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Las Vegas and Caesars Reveal an Endless Array of Meeting and Event Spaces

Palace Tower - French Empire Villa Bedroom

English poet William Blake wrote that “none can desire what he has not perceived.” Yet, at Caesars Entertainment’s luxury villas, the senses are dazzled with the ultimate in elegance, service and hospitality—and even unspoken wants and needs are manifested.

Michael Li, director of luxury hotel operations and butler VIP service at Caesars Palace in Las Vegas, sees this ability as an important facet of service for Caesars Palace.

“Whatever the guests can think of, we can provide,” he says. “We also can provide what they cannot think of—to impress them, to anticipate their needs, so as to create this unique stay experience with Caesars and so they can become repeat customers.”

Those wishes are granted across the 25 sumptuous villas of Caesars Palace, which range in size from 2,750 square feet to 11,000 square feet and are constructed with exquisite craftsmanship, opulent materials and sleek design worthy of, well, Caesar himself. And, of course, each villa comes with at least one private 24/7 butler and an exclusive elevator. The important consideration here is that these luxury villas aren’t just for high rollers and celebrities—groups seeking incredibly unique and memorable meeting and event spaces can book them.

In this city, where the newest, the best and the biggest is eagerly sought after, 10 of these villas opened in October as part of a US$100 million renovation of the property’s 1,181-room Palace Tower.

“Every time the guest comes in, he can have a different experience [with] the theme of a different villa,” adds Li, referring to the various theme décor across each unique villa, including French (Claudius), Spanish (Marcus Aurelius), Greek (Constantine), British (Titus) and German (Beidermeier).

Depending on the villa chosen, amenities can range from overseeing the five-acre Garden of the Gods pool complex, views of the Strip, a golf simulator, private terraces, marble floors, stunning artwork, state-of-the-art screening rooms, huge TVs with surround sound, custom-designed fish tanks, private Jacuzzis and pools. Think extravagant, as other amenities experienced in some of the villas include a pink onyx bathtub, a custom-carved walnut Adler pool table, gold-plated chandeliers, 24-karat bathroom hardware with semi-precious stones, a baby grand piano and a fully equipped outdoor kitchen.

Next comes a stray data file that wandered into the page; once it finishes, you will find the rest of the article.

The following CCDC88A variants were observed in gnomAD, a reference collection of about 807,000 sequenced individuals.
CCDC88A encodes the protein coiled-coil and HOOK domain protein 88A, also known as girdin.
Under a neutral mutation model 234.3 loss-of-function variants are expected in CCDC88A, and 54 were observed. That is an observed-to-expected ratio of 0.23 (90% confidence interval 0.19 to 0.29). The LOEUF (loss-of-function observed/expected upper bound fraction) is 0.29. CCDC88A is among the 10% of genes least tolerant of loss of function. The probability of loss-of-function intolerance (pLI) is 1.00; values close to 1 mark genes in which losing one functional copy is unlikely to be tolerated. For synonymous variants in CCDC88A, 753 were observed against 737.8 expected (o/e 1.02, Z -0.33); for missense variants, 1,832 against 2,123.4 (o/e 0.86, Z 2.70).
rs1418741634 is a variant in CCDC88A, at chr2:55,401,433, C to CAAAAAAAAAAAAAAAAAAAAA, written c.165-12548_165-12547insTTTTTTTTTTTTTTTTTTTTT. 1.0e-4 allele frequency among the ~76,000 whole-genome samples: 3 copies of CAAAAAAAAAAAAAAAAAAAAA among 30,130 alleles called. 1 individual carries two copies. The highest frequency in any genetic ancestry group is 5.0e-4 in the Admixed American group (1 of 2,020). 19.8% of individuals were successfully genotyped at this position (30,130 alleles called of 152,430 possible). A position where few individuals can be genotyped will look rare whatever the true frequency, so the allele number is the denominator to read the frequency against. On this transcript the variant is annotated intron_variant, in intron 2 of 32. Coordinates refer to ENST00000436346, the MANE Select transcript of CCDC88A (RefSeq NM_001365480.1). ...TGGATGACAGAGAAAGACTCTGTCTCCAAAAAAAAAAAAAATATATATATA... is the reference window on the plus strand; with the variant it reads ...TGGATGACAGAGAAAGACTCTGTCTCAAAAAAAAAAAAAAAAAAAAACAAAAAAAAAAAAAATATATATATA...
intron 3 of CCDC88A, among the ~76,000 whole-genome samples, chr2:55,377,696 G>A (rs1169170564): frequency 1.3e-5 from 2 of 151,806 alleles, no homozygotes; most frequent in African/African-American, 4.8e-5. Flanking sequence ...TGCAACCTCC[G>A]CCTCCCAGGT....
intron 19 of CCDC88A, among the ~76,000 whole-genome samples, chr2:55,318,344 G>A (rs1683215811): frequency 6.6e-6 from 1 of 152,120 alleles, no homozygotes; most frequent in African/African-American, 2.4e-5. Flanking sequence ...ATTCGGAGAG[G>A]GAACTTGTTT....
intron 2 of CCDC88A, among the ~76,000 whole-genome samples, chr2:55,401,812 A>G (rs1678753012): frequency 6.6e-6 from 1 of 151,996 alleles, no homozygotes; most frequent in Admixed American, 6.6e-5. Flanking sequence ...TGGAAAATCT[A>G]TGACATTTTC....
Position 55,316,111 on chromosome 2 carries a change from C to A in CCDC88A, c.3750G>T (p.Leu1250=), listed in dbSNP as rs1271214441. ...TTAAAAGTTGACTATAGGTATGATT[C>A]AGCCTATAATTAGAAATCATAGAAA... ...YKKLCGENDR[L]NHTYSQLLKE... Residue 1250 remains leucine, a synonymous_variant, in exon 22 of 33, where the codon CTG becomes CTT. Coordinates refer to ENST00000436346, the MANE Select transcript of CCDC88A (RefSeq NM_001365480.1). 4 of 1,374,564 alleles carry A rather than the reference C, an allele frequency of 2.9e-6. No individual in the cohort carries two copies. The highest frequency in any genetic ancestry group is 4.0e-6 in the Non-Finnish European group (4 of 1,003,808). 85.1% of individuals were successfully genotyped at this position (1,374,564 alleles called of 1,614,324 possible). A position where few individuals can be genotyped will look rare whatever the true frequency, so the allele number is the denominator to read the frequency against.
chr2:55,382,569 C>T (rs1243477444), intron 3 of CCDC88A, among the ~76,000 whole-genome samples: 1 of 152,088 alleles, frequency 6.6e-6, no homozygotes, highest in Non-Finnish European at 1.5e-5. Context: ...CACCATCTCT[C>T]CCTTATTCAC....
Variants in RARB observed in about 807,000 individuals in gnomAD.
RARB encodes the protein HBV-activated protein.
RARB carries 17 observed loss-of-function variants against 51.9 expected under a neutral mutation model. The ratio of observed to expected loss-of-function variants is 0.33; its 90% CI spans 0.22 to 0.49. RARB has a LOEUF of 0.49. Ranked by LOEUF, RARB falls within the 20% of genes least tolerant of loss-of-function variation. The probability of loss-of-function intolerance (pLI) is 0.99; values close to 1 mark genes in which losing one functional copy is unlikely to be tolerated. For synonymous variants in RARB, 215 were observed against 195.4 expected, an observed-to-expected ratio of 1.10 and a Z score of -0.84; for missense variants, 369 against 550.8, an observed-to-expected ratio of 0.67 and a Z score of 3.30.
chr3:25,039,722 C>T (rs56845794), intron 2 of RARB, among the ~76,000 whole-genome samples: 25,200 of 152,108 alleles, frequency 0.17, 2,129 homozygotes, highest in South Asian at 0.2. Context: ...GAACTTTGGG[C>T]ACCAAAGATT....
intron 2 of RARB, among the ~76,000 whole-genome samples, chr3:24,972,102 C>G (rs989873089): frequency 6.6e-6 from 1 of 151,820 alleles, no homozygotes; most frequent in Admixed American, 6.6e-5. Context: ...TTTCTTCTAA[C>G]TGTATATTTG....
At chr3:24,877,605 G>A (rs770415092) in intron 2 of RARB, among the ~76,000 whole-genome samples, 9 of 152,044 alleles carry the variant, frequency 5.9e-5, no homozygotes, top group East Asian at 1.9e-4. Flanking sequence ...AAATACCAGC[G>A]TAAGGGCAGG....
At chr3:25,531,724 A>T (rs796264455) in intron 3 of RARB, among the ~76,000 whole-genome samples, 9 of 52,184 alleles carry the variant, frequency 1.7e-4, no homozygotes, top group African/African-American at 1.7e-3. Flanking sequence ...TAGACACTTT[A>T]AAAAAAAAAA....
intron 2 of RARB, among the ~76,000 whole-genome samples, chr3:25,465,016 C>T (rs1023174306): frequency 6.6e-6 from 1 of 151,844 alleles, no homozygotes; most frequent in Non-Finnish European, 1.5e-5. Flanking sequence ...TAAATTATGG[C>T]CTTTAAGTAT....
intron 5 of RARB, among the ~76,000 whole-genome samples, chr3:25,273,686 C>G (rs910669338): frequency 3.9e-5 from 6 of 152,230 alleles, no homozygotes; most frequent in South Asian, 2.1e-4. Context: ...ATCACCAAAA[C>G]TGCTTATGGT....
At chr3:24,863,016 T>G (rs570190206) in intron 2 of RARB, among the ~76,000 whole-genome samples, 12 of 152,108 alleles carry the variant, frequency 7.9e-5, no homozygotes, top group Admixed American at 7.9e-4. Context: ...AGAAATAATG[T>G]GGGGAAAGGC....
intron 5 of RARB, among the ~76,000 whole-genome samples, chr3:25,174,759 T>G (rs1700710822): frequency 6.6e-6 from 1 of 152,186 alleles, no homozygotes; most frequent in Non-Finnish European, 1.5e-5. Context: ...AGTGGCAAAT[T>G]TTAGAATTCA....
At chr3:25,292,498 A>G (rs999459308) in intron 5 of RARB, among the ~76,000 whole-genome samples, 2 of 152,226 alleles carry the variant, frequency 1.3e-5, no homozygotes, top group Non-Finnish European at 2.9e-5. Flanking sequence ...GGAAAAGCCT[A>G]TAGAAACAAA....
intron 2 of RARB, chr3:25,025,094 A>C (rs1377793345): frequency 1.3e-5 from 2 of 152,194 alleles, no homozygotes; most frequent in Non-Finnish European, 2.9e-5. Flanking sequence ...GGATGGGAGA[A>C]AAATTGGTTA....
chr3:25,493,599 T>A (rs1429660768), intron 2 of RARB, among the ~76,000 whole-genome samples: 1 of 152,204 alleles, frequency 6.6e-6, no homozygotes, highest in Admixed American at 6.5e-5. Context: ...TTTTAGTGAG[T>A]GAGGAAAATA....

Or perhaps you would like to utilize the David Rockwell and Rockwell Group-designed “east meets west” rooftop Nobu Villa as a private showroom. Located atop the yuzu-ginger-scented oasis of the boutique Nobu Hotel inside Caesars Palace, the Nobu Villa’s 10,300 square feet of luxury include an omakase sushi bar, a media room, a massage treatment room, a steam room, three bedrooms, a terrace with unrivaled views of the Strip, a full outside kitchen and a Zen garden with a custom Onzen tub.

Multilingual Guest Services

Catering to the increasingly diverse business world, requests do not have to be made in English. In fact, Li says 95 percent of the VIP butlers speak at least two languages.

“So we are fully capable of providing the special amenities customers are looking for,” says Li, who speaks three languages.

For these guests, multilingual butlers offer translation services both inside and outside of Caesars Palace, from booking show tickets to accompanying guests on shopping trips.

Martha Morales, recently named general manager of the world’s first Nobu Hotel at Caesars Palace, also sees the ability to speak a guest’s language as not only an essential part of the stellar service, but as a general industry trend.

“Our guests, whether meetings or leisure, are coming here to have a great time. They are looking for diversity [but also] someone to speak their language,” she says. “I think it’s definitely a trend and I think we will continue to see that.”

In an increasingly foodie-centric world, people are drawn to not only Caesars Palace and its celebrity chef restaurant offerings but also to the food made famous by the name Nobu. Such fans don’t just have brand loyalty, they have brand fanaticism.

Morales says the perk of Nobu food helps make the guest experience unforgettable.

“It’s unbelievable. With over 40 restaurants around the world, Nobu food has a huge following,” she says. “The Nobu Hotel here is the first place you’re able to get Nobu food 24 hours a day. You can have breakfast, lunch and dinner in your Nobu room; you don’t ever have to step down to the always-busy restaurant. You can also host events and meetings and parties with Nobu food when you’re not able to do that in the restaurant. You’re able to enjoy it in the comfort of your own suite.”

But, of course, guests at the Nobu Hotel have access to priority reservations at the Nobu restaurant.

The ability to provide any food requested is part of Caesars’ exceptional service, according to Li.

“If [guests] want to have an event or party hosted in their villa, then we are able to bring in every single restaurant, create a world buffet inside of the villa for them, with different stations with different ethnic foods—and the butler can pass champagne or hors d’ouvres,” he says. “Those are [some of] the unique experiences that they cannot have anywhere else in the hotel—all the different restaurants. They can only experience that in their villa.”

If groups need more than the 11,000-square-foot villa at Caesars Palace, several villas can be connected to form an 11-bedroom, 30,000-square-foot mega-villa. If that’s not enough, and you still need a wow-inducing space, book the 4,100-seat Caesars Palace Colosseum, home to such headliners as Celine Dion and Elton John.


About the Author

Dian Barber - Writer
Dian Barber

Dian Barber is a data wrangler and has been contributing photography, research and writing to MPI’s publications since 2005.